If Mafia-director-led team Warhorse has its way, Kingdom Come: Deliverance will be gigantic. Like, hundreds of hours gigantic, when it's all said and done. But this is a smaller team designing a colossal open world full of stories, NPCs, and - yes - warhorses. It was never going to be easy. So Warhorse is doing two things to stave off the monetary death siege banging down its doors: 1) slicing the main plot up into three episodic acts and, yes, 2) going to Kickstarter. But even a successful £300,000 crowdfunding drive won't be enough to pull this cart over the figurative mountain. A mysterious outside benefactor will handle the rest, apparently. I spoke with director Daniel Vávra about how that will affect the game, if players will still influence development, and whether hacking such a cohesive world into pieces will hurt the final product.
RPS: Why Kickstarter? Do you really think you'll be able to make enough money to fund something this enormous?
Vávra: There was always a chance to self-publish the game. Our colleagues from Prague, Bohemia Interactive, do it successfully all the time. We were always thinking of that as a possibility. After long negotations, things always slowed down to a crawl with marketing and upper level executives at publishers. They were too afraid to take risks. People who played games liked it, but we couldn't get things to go faster. So we decided to self-publish.
But there is a trick. We have a very strong private investor, but he's from outside the gaming industry [UPDATE: Turns out, it's Zdenek Bakala, one of the richest people in the entire Czech Republic]. He doesn't understand games. It's a little bit unusual, probably. But he would be willing to finance the whole game if he sees some commitment. So we agreed with him that if we go to Kickstarter and get just a fraction of the sum we need - which is about $500,000 - he will fund the rest of development.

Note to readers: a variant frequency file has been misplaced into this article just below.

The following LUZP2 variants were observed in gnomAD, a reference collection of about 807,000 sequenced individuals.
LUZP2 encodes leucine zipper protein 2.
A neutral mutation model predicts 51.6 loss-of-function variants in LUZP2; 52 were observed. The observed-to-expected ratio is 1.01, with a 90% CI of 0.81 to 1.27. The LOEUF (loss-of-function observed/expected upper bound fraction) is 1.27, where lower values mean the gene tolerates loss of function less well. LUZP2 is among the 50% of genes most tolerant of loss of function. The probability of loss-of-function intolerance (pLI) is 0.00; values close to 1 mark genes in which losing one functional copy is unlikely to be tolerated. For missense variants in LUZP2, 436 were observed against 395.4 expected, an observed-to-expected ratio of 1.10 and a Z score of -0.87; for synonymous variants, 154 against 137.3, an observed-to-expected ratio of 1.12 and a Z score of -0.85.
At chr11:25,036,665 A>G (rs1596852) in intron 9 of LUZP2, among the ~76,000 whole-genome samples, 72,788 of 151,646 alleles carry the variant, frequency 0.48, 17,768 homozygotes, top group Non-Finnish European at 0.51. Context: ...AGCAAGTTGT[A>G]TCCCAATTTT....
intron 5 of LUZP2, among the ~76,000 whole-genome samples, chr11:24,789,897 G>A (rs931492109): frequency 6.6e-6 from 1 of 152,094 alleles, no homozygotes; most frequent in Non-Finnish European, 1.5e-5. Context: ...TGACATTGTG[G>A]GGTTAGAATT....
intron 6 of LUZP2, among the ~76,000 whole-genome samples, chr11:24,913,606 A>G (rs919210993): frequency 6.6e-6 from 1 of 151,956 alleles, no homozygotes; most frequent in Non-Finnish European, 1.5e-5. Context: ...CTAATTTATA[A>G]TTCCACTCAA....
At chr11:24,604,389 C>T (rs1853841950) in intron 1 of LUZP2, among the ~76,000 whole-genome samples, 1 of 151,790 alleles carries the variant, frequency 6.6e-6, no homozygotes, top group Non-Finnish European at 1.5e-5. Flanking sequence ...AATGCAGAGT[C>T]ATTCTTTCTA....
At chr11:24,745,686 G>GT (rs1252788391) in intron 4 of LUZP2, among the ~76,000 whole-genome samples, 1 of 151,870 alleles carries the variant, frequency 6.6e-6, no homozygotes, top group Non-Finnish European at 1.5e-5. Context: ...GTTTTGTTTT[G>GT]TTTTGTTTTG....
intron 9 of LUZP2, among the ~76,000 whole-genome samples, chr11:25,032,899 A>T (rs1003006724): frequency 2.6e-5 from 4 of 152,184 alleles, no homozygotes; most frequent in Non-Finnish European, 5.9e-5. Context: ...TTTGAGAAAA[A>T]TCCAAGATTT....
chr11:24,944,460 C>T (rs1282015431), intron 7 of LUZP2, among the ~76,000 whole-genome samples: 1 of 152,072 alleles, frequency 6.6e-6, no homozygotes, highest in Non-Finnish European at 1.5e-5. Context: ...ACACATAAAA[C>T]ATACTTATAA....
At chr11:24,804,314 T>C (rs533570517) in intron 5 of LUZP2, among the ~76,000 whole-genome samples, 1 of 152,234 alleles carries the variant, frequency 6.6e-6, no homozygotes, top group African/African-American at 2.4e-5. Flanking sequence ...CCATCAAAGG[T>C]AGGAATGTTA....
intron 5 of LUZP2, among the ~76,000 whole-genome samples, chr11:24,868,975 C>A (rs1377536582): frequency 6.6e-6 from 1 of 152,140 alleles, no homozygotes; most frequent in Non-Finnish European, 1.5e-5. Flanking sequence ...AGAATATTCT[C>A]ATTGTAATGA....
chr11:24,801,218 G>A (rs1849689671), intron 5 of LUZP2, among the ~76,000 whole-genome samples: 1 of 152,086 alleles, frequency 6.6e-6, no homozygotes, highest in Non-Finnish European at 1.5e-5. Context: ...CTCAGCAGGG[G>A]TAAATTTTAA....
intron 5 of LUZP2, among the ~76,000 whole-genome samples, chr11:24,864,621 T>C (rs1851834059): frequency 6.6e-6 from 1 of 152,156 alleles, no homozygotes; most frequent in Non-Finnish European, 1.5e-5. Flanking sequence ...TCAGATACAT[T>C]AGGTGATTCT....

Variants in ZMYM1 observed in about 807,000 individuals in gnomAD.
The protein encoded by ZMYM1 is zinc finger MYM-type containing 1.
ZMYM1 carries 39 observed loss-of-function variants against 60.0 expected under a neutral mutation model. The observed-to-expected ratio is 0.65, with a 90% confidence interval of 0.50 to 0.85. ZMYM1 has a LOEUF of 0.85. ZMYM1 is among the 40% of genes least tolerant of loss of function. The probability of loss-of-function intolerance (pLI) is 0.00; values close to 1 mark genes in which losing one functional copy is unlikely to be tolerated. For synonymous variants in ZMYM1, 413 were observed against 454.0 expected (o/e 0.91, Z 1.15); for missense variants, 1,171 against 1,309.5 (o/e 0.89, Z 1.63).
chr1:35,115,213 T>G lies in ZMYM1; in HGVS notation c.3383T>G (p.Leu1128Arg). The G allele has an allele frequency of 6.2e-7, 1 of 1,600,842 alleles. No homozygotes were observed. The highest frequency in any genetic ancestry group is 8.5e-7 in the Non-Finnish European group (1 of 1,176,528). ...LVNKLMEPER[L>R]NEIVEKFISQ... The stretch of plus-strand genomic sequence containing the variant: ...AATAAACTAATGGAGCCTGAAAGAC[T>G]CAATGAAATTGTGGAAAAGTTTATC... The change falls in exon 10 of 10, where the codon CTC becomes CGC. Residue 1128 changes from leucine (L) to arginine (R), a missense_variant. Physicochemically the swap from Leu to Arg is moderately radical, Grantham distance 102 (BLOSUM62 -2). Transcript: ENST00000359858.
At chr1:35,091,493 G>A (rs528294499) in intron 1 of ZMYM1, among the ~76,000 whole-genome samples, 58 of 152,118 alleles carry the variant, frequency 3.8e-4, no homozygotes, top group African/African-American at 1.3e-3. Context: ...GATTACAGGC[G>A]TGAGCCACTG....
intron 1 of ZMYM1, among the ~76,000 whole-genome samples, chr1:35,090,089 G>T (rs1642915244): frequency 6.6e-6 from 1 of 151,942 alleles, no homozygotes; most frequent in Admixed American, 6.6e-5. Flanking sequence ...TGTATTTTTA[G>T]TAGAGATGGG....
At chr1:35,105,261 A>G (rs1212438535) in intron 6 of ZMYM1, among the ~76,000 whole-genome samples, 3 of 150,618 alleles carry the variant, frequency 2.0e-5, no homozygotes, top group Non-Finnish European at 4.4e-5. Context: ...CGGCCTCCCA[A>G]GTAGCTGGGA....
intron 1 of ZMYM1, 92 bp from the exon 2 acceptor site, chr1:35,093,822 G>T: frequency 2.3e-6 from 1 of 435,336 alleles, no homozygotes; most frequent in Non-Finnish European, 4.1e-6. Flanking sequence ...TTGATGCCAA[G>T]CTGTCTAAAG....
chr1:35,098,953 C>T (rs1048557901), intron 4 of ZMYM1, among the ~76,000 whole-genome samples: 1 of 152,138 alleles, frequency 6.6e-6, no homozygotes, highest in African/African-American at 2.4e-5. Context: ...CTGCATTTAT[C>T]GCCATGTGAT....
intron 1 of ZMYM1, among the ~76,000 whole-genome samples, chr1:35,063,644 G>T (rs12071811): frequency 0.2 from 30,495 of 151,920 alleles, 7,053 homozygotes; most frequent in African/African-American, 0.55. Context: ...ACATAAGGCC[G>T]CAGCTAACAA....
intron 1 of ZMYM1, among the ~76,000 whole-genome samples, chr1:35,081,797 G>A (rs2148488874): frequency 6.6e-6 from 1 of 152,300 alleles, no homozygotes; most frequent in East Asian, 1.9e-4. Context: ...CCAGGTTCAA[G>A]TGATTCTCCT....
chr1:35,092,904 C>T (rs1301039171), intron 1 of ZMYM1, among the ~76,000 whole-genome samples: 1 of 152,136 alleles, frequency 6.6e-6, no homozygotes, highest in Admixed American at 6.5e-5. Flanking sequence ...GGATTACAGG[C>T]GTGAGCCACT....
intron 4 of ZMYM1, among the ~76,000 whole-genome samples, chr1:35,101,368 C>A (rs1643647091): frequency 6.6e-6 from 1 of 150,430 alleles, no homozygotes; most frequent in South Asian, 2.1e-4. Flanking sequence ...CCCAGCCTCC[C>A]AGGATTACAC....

RPS: How is that approach going to change the course of development, if at all? Are you going to do a backer alpha, Early Access, and all the other stuff basically everybody does in the year 2014?
Vávra: That's why we're announcing the game so early in development. We still have nearly two years ahead of us to go. But we're going to do it like Chris Roberts on Star Citizen. We're going to release smaller chunks of gameplay as soon as possible so people can test them. Modules, as he calls them [laughs]. We'll update this build and then when we're ready we'll release [a more cohesive] Early Access beta. We've split the game which was originally going to be 100 hours, as big as Skyrim basically, into three chapters that will be released sooner than usual after each other. Like, eight months apart. So not two years or something.
RPS: Yikes. That sounds like it could really hack up a big, cohesive story like the one you're trying to tell. Same with the world. I could see this ending really badly if not handled well. Why'd you decide to take this route?
Vávra: The good thing is that the story was written from the beginning as three chapters, so it makes sense to do it this way. Every chapter is placed on a new map, but if you're on a quest in chapter two, you can come back and do quests in the chapter one location. But otherwise the new story takes place on a new map. So we decided this was ideal.